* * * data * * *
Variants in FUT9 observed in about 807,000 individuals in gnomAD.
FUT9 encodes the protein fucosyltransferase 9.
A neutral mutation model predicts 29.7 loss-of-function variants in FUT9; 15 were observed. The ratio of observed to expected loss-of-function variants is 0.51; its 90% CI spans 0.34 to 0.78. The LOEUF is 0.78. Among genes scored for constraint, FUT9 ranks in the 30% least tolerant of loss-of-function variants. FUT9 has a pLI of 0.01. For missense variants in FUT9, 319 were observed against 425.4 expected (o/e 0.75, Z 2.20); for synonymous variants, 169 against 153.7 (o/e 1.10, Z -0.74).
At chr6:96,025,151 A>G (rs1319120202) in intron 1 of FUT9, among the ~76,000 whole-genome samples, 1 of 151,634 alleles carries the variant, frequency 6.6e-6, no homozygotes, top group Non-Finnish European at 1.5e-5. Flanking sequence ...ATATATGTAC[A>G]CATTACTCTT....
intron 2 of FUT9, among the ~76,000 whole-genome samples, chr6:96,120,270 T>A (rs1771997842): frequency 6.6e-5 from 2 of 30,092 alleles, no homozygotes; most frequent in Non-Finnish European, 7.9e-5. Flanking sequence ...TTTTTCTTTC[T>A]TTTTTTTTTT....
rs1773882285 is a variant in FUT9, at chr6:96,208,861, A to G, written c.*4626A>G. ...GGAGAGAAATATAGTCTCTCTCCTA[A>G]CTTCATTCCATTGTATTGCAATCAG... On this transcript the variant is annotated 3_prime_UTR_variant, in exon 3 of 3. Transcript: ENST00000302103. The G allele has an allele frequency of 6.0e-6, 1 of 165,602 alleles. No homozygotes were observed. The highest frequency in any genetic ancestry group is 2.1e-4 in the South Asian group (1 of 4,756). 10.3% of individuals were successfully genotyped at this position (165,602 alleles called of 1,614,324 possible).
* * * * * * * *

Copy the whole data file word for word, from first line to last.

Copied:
Variants in FUT9 observed in about 807,000 individuals in gnomAD.
FUT9 encodes the protein fucosyltransferase 9.
A neutral mutation model predicts 29.7 loss-of-function variants in FUT9; 15 were observed. The ratio of observed to expected loss-of-function variants is 0.51; its 90% CI spans 0.34 to 0.78. The LOEUF is 0.78. Among genes scored for constraint, FUT9 ranks in the 30% least tolerant of loss-of-function variants. FUT9 has a pLI of 0.01. For missense variants in FUT9, 319 were observed against 425.4 expected (o/e 0.75, Z 2.20); for synonymous variants, 169 against 153.7 (o/e 1.10, Z -0.74).
At chr6:96,025,151 A>G (rs1319120202) in intron 1 of FUT9, among the ~76,000 whole-genome samples, 1 of 151,634 alleles carries the variant, frequency 6.6e-6, no homozygotes, top group Non-Finnish European at 1.5e-5. Flanking sequence ...ATATATGTAC[A>G]CATTACTCTT....
intron 2 of FUT9, among the ~76,000 whole-genome samples, chr6:96,120,270 T>A (rs1771997842): frequency 6.6e-5 from 2 of 30,092 alleles, no homozygotes; most frequent in Non-Finnish European, 7.9e-5. Flanking sequence ...TTTTTCTTTC[T>A]TTTTTTTTTT....
rs1773882285 is a variant in FUT9, at chr6:96,208,861, A to G, written c.*4626A>G. ...GGAGAGAAATATAGTCTCTCTCCTA[A>G]CTTCATTCCATTGTATTGCAATCAG... On this transcript the variant is annotated 3_prime_UTR_variant, in exon 3 of 3. Transcript: ENST00000302103. The G allele has an allele frequency of 6.0e-6, 1 of 165,602 alleles. No homozygotes were observed. The highest frequency in any genetic ancestry group is 2.1e-4 in the South Asian group (1 of 4,756). 10.3% of individuals were successfully genotyped at this position (165,602 alleles called of 1,614,324 possible).